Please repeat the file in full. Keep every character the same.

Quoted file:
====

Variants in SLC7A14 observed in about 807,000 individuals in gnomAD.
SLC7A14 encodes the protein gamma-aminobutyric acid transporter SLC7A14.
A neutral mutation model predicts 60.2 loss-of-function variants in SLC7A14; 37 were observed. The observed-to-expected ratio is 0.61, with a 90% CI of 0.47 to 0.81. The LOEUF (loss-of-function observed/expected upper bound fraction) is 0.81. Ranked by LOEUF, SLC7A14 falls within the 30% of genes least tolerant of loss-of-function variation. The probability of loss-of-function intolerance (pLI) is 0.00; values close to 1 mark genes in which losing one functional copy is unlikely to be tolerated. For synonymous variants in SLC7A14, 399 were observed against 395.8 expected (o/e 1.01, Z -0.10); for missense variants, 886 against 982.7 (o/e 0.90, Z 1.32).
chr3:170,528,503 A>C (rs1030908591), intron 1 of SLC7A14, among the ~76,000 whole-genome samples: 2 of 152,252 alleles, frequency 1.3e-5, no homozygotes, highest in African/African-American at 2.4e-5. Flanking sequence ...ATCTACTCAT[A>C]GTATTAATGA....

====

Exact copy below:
Variants in SLC7A14 observed in about 807,000 individuals in gnomAD.
SLC7A14 encodes the protein gamma-aminobutyric acid transporter SLC7A14.
A neutral mutation model predicts 60.2 loss-of-function variants in SLC7A14; 37 were observed. The observed-to-expected ratio is 0.61, with a 90% CI of 0.47 to 0.81. The LOEUF (loss-of-function observed/expected upper bound fraction) is 0.81. Ranked by LOEUF, SLC7A14 falls within the 30% of genes least tolerant of loss-of-function variation. The probability of loss-of-function intolerance (pLI) is 0.00; values close to 1 mark genes in which losing one functional copy is unlikely to be tolerated. For synonymous variants in SLC7A14, 399 were observed against 395.8 expected (o/e 1.01, Z -0.10); for missense variants, 886 against 982.7 (o/e 0.90, Z 1.32).
chr3:170,528,503 A>C (rs1030908591), intron 1 of SLC7A14, among the ~76,000 whole-genome samples: 2 of 152,252 alleles, frequency 1.3e-5, no homozygotes, highest in African/African-American at 2.4e-5. Flanking sequence ...ATCTACTCAT[A>C]GTATTAATGA....